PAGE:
GAD and major depression disorder share the same genetic origin since the incidences of unipolar disorders have been found to be more frequent comorbid with GAD than bipolar disorders. Secondly, the fact that treatment of GAD and depression symptoms is usually the same, thus a support of high possibility of a common neurobiological dysfunction. Despite these supportive premises, the really exact neurological mechanisms have not yet been fully agreed upon by a scholarly community. As Shane, Jasiukaitis and Green, (2003), they puts it, there are other certain methods that can be applied to examine the neurological mechanisms. These methods that are applied are: single positron emission computed tomography and positron emission tomography have enabled metabolic activity and cerebral blood flow in various regions of the brain. And that is why they are utilized in examining the neurological mechanism.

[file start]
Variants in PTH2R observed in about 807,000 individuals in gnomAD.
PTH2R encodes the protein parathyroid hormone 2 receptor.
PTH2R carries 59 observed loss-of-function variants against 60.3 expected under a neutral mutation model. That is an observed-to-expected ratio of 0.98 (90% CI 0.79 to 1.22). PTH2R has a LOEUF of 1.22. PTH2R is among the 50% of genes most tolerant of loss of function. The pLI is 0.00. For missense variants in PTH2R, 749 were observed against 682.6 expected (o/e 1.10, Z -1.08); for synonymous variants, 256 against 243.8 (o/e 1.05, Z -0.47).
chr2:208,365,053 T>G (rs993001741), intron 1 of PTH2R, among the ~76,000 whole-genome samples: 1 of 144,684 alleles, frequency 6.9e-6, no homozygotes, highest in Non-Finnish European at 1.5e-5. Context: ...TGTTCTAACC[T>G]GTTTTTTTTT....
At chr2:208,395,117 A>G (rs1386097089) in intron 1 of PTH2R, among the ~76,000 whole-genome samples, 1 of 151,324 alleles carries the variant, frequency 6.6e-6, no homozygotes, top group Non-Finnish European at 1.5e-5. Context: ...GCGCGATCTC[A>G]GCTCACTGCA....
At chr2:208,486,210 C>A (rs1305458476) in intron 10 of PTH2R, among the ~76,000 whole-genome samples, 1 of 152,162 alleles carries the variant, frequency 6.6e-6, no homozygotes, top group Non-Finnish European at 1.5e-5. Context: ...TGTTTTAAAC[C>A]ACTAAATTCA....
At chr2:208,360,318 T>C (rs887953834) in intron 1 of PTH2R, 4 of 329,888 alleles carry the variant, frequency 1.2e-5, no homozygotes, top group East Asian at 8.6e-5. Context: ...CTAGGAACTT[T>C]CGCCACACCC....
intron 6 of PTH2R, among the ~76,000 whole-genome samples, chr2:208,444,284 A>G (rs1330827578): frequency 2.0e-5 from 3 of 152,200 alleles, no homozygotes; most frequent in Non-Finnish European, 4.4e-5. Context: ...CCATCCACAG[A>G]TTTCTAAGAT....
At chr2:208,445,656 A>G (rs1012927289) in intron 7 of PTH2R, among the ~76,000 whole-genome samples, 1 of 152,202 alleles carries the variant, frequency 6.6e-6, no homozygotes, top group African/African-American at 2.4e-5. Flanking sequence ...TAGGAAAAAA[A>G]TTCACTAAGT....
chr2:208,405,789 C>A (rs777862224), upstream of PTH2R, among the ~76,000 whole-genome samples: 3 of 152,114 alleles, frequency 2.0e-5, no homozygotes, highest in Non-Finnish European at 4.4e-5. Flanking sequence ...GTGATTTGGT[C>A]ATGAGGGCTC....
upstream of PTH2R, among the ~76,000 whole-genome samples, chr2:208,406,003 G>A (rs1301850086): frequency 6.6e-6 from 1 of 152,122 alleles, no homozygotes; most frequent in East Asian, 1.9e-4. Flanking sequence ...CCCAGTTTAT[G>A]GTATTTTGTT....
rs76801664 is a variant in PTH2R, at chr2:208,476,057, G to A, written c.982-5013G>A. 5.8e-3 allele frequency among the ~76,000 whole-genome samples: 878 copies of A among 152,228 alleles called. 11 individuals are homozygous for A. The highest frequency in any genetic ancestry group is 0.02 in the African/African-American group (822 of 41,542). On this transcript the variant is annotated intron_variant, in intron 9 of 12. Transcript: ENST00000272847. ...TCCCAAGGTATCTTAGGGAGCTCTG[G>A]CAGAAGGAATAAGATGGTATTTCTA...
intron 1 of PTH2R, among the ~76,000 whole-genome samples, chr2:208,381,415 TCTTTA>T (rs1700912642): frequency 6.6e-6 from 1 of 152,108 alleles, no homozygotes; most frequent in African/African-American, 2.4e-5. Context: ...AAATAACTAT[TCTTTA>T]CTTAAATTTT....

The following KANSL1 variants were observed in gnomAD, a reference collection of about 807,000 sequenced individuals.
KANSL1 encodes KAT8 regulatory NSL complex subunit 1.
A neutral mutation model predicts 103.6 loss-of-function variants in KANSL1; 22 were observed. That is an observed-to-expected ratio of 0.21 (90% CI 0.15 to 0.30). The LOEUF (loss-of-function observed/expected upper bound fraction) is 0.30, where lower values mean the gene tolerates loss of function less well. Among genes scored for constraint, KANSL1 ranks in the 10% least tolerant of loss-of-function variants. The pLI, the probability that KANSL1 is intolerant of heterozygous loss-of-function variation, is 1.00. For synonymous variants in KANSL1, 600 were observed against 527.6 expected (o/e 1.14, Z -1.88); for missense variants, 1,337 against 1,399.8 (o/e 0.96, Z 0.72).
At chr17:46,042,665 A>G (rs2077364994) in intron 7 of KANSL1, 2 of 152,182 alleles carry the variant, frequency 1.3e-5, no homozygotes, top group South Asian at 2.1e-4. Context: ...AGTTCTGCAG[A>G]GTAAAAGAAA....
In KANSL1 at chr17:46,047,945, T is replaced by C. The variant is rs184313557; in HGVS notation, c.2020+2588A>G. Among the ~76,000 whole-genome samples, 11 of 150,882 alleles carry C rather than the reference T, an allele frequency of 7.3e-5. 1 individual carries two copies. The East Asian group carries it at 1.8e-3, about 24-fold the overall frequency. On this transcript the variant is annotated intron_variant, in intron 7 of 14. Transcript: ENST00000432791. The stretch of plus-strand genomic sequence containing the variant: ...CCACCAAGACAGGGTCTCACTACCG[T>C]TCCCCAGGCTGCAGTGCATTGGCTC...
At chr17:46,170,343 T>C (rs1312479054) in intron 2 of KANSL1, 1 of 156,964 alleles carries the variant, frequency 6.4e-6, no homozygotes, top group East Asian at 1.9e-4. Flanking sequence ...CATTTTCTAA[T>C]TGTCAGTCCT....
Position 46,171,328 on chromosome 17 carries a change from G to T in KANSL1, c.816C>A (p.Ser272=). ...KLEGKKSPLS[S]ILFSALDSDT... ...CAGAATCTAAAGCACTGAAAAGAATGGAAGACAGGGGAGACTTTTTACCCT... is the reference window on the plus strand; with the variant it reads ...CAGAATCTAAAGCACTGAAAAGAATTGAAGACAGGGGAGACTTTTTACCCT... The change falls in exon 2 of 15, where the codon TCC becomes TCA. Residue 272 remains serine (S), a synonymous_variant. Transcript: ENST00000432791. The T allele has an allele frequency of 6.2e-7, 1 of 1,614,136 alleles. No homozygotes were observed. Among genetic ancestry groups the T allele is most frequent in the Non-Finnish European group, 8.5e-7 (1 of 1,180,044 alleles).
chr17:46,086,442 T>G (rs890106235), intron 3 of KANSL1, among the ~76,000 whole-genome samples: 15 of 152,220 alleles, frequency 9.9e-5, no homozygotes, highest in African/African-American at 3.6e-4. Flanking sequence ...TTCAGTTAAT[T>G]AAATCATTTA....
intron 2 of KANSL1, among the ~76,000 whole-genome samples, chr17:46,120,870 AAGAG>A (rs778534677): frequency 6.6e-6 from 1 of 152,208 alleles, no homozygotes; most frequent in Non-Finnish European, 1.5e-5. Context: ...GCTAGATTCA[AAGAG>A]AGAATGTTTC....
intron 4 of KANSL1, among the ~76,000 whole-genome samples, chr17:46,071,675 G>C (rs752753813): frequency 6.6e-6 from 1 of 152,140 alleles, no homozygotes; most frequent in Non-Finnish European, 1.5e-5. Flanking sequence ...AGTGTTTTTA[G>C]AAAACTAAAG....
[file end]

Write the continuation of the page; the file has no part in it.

Research observations indicate a possibility of hyperactive brain circuits occurring in Generalized Anxiety Disorder, whereas underactive brain is more likely to be associated with depression. This conclusion originates from the sense that: when at rest GAD patients do not show the differences in normal controls and baseline cerebral blood flow. While in contrast, depression disorders patients at rest usually show reduced cerebral blood flow in the frontal and temporal and parietal areas of the brain. Furthermore, GAD patient’s shows higher regional glucose metabolism during a passive in the cerebellum, thalamus, temporal and occipital, frontal lobes. Whereas there is evident increase in activities in the basal ganglia in GAD patients as opposed to those affected with depression.
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